How We Build Character

How We Build Character

Jun 4, 2011 By Marjorie Lehman | Commentary | Naso

Parashat Naso begins with the appointment of the Levite families of Gershon and Merari to take care of the Mishkan, the Israelites’ portable sanctuary in the desert. While Aaron and his family were given the responsibility of overseeing the actual service of God in the Mishkan, the descendants of Gershon and Merari were defined as mere helpers, charged with the role of caring for the structure of the Mishkan, its cloths, its equipment, its posts and their sockets, its planks, pegs, and furnishings. I have always wondered—why did God divide up the care of the Mishkan in this way?

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God and the Designated Hitter

God and the Designated Hitter

May 22, 2010 By Marc Wolf | Commentary | Naso

I guess I set myself up for the question.

You see, I believe Judaism has something to add to how we live our lives, secular and religious. There is a depth to Jewish thought, practice, and literature that, if we welcome it, can color our existence with a hue of holiness that can help us see even the most trivial of actions and thoughts in a different, divine light. I consider this one of the greatest gifts of Jewish tradition. It is a relevant and meaningful tradition because it adds meaning and relevance to each step of our day.

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Becoming Builders

Becoming Builders

Jun 6, 2009 By Marc Wolf | Commentary | Naso

I imagine that all of us have noticed that the only thing unequivocally going up right now is the number of pundits—professional and amateur—who are chiming in on what it is that economic indicators seem to be telling us. At kiddush in my shul, in airports, on television, and certainly on the Internet, anywhere you turn there are people pontificating about where the economy is headed. While you will certainly hear no projection here, in my own reading what caught my eye were two economic indicators that focus specifically on construction and building.

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Finding Political Guidance in the Torah

Finding Political Guidance in the Torah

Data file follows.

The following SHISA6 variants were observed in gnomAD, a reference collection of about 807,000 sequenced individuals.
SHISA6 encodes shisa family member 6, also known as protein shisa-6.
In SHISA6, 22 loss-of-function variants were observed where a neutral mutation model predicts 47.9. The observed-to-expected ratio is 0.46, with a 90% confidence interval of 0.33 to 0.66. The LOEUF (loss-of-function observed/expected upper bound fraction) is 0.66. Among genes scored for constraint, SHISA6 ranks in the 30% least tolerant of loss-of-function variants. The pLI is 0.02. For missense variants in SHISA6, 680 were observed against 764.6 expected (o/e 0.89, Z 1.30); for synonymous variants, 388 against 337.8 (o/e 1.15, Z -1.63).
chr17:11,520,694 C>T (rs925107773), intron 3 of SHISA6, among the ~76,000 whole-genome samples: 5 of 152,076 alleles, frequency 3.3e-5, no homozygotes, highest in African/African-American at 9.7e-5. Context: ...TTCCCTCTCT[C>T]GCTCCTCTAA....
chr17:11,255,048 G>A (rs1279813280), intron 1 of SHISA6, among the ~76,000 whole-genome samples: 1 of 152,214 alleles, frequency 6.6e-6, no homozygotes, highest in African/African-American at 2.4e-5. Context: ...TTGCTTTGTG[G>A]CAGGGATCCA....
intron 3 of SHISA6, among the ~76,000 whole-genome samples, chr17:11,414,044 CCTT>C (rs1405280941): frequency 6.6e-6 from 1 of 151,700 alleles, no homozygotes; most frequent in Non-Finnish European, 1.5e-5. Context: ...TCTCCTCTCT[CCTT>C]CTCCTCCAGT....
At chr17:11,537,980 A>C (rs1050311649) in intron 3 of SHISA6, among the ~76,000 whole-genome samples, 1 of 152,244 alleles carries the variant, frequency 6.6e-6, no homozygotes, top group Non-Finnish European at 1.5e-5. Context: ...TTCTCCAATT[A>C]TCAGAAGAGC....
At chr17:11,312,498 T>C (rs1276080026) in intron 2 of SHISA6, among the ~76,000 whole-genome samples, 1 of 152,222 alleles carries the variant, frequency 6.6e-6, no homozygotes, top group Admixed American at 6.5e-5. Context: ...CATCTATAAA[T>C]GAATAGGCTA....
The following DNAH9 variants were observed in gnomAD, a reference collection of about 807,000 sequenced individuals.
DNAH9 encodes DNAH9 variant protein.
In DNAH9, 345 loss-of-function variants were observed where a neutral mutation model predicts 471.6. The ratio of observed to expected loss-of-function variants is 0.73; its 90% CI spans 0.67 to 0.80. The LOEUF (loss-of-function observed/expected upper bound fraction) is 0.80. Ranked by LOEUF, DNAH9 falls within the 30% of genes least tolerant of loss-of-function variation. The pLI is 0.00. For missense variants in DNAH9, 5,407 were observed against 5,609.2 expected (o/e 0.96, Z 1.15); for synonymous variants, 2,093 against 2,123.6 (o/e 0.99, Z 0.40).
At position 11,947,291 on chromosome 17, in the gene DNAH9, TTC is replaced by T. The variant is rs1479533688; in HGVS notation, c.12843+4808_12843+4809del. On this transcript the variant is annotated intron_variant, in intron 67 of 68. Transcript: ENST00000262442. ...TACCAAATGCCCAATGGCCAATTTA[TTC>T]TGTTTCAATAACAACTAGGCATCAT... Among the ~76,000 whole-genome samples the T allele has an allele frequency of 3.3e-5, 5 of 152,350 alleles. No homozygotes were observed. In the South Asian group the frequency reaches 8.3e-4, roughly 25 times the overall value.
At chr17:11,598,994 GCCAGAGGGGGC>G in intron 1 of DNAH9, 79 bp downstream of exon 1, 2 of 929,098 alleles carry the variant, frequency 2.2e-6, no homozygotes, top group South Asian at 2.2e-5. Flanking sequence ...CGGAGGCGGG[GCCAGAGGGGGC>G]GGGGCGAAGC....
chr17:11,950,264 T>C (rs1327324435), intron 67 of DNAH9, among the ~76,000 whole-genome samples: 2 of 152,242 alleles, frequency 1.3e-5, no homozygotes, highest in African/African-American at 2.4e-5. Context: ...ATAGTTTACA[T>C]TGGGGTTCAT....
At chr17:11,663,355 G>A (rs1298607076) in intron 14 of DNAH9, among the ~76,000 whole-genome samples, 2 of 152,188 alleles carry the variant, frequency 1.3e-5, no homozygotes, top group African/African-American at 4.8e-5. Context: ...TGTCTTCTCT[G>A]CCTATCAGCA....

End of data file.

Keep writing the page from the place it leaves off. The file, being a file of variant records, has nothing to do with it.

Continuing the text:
Jun 7, 2008 By Arnold M. Eisen | Commentary | Naso

We Jews are up to our necks in political concern these days, in part because power and influence are ours to an unprecedented degree. How shall we think about these matters? Is there a Jewish approach to politics in general, and to these sorts of issues in particular?

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Finding God’s Presence

Finding God’s Presence

Jun 10, 2006 By JTS Alumni | Commentary | Naso

By Rabbi David Greenspoon (RS ’95)

The ancient rabbis were close readers of the Bible, and developed a whole lexicon on how texts were read. Contemporary readers of rabbinic midrash frequently note how the exegetical methods of the rabbis so often presaged modern literary theory. For instance, the rabbis suggested that close proximity of biblical texts, samchut parshiyot, lent itself to appreciating a deeper message from the Bible.

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Priestly Love

Priestly Love

Jun 10, 2006 By Matthew Berkowitz | Commentary | Naso

At the heart of Parashat Naso stands the text of the priestly blessing. Numbers chapter 6, verse 22–26 relates, “The Lord spoke to Moses: Speak to Aaron and his sons: Thus shall you bless the people of Israel. Say to them: The Lord bless you and protect you! The Lord deal kindly and graciously with you! The Lord bestow God’s favor on you and grant you peace!” The text of this benediction is known asbirkat kohanim, the blessing of the priests. It is best known in the context of the priestly service called dukhenen.

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What Does a Blessing Require?

What Does a Blessing Require?

Jun 11, 2005 By Matthew Berkowitz | Commentary | Naso

At the core of Parashat Naso, one finds the Priestly Blessing.

Associations abound with these simple and precious words: a sentimental vignette of one’s grandfather removing his shoes, enwrapping himself wholly in his tallit, and proudly echoing the words of this biblical formula; or perhaps it is a memory from one’s Bar or Bat Mitzvah in which the rabbi graciously placed his or her hands on you and recited these words; or maybe your personal association is with the blessing of children recited each Shabbat evening. And while our images connected to the Priestly Blessing may abound, rarely do we think about the profound meaning behind these words that play such a central role in our tradition.

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Our Rendezvous with God

Our Rendezvous with God

Jun 11, 2005 By Ismar Schorsch | Commentary | Naso

The completion of the Tabernacle in the wilderness, like the construction of the Temple by Solomon centuries later, restricts the locus of God’s presence to a single sacred space.

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Blessings of Peace

Blessings of Peace

May 29, 2004 By Melissa Crespy | Commentary | Naso

In a world filled with continual violence, where killings of Americans, Israelis and Iraqis by horrific means have become, to our great sorrow, daily items in our news – we ask ourselves: When will peace come? When will we be able to turn on our television sets, read our newspapers, and learn that no more bloodshed has occurred, that former enemies are speaking to each other, and parents can go to sleep at night knowing that they will find their children alive in the morning?